The high DALY rates found in the Grande Oeste of Santa Catarina reflect the endemic situation experienced in that macro-region. However, high rates were also found in the Sul. Corroborating this finding, a study of adults in the City of Criciúma/SC (Sul) in 2008 showed that the HCV incidence was higher in the city compared with southern Brazil. According to the authors of that study, the HCV incidence might be associated with a greater number of sexual partners than in other regions13. Nevertheless, it can be inferred that the greater burden of disease found in these regions can be attributed, at least in part, to the structuring of services with more resources for diagnosis and monitoring, compared with other regions, which facilitated the disease detection and sensitized the healthcare professionals to notify the cases.
Regarding gender, the greatest burden was observed among men. The mortality component showed a much higher rate among men than among women. The disability component was rather balanced between genders.
In Brazil, the rates of hepatitis C differ by gender, men being more likely to become infected than women5. A study conducted in the City of Florianópolis/SC in 2008 showed that men were predominantly infected (69.6%) with hepatitis C14. A study conducted in the City of Criciúma/SC, aiming to determine the prevalence of HCV among adults in 2008, found a prevalence of 2.2% among men13.
The burden found in this study may hypothetically be reflecting the risk related to the use of illicit drugs, unprotected sex, not seeking adequate health care, and the use of improperly sterilized materials14. In addition, the State of Santa Catarina shows a high incidence of human immunodeficiency virus infection, which can be derived from the coinfection with HCV15. In addition, the fact that the largest number of reports comes from blood banks, coupled with the fact that men account for the most blood donations, may help to explain this phenomenon.
The age group of 45-59 years showed the highest burden of disease, whereas the age group of 60-69 years was the most affected by early death. With regard to disability, the age group of 45-59 years contributed the most. These findings could be explained, in the field of ideas, by the late discovery of the disease. In addition, it is well known that aging brings significant comorbidities, which hinder or delay diagnosis and treatment. Furthermore, the gender- and age-related findings may be associated with the use of illicit drugs, parental neglect prevention, and sexual behavior, despite some public campaigns focused on the use of condoms1. The results may also be associated with the use of improperly sterilized sharps or instruments, transfusion of contaminated blood or blood products, and through surgical or dental procedures without appropriate biosafety standards1.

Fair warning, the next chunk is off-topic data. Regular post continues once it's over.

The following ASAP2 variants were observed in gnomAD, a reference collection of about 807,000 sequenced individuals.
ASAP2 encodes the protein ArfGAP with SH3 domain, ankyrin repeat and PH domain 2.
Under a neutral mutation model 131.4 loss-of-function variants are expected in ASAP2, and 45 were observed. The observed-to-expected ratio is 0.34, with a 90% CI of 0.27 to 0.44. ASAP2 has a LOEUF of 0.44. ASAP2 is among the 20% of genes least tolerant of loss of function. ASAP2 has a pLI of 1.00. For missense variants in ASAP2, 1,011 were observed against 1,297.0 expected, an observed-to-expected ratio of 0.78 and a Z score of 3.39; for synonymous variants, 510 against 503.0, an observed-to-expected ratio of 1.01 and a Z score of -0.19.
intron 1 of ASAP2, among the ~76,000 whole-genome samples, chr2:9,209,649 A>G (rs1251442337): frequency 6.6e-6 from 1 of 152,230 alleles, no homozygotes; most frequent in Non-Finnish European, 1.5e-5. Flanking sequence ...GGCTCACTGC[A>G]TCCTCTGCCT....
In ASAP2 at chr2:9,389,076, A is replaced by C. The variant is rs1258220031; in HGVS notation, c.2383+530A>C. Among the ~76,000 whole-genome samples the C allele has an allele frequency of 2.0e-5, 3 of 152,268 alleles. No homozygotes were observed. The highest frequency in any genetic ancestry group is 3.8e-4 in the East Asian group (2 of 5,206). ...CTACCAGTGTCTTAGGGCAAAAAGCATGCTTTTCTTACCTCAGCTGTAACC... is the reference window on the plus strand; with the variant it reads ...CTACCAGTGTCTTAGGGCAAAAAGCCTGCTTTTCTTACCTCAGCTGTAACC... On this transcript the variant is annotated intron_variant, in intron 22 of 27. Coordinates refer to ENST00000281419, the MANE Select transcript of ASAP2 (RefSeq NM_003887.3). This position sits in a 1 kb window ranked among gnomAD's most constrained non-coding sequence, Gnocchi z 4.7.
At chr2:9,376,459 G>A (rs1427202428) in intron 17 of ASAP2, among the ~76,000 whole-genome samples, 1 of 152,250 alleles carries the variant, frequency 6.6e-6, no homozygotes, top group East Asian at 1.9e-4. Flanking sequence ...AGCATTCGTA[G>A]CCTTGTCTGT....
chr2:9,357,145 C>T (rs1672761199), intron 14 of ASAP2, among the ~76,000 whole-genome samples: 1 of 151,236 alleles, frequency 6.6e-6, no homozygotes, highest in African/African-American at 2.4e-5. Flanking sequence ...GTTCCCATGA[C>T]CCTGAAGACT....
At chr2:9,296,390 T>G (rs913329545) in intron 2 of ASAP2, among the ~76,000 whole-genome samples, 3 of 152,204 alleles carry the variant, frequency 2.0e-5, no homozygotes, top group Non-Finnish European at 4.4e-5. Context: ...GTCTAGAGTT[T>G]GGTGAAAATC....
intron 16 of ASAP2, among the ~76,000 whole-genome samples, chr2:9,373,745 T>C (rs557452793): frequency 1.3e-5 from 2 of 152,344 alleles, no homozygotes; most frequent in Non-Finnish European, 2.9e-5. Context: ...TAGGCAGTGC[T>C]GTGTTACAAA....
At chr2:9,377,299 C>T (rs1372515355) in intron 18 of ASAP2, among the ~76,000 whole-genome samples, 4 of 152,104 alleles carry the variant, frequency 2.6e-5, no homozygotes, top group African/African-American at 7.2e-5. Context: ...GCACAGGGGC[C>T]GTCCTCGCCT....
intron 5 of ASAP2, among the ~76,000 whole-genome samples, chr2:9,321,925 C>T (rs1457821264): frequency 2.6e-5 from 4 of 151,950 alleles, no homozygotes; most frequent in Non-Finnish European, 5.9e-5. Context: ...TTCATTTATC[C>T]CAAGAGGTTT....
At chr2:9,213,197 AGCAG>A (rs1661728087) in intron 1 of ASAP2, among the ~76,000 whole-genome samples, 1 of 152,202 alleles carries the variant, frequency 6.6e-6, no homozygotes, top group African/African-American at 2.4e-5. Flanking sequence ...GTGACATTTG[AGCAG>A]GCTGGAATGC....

Considering the characteristics and severity of hepatitis C, studies on the burden of disease gain special relevance by incorporating data on mortality and morbidity into a single indicator. This can subsidize and improve the implementation of public health policies aimed at prevention and early detection. However, the published literature reveals that data on the impact of the disease are scarce, outdated and inconclusive in Europe as well, indicating that hepatitis C is still neglected even in developed countries because it is a relatively new disease regarding diagnostic screening.
The main limitations of this study include the deficiencies of the data available in the official health information systems, which prevented direct estimation of the burden of disease. The hepatitis C notification database has several weaknesses that require prudent analysis. Thus, morbidity data made available here have the limitation of being estimated, given that the mandatory notification records are still precarious. However, this study presents a significant contribution to knowledge about the impact of hepatitis C on the population of the State of Santa Catarina.
It can be concluded that there is a high HCV-related burden of disease in Santa Catarina. This burden is concentrated among adults and shows variations across the health macro-regions of the state.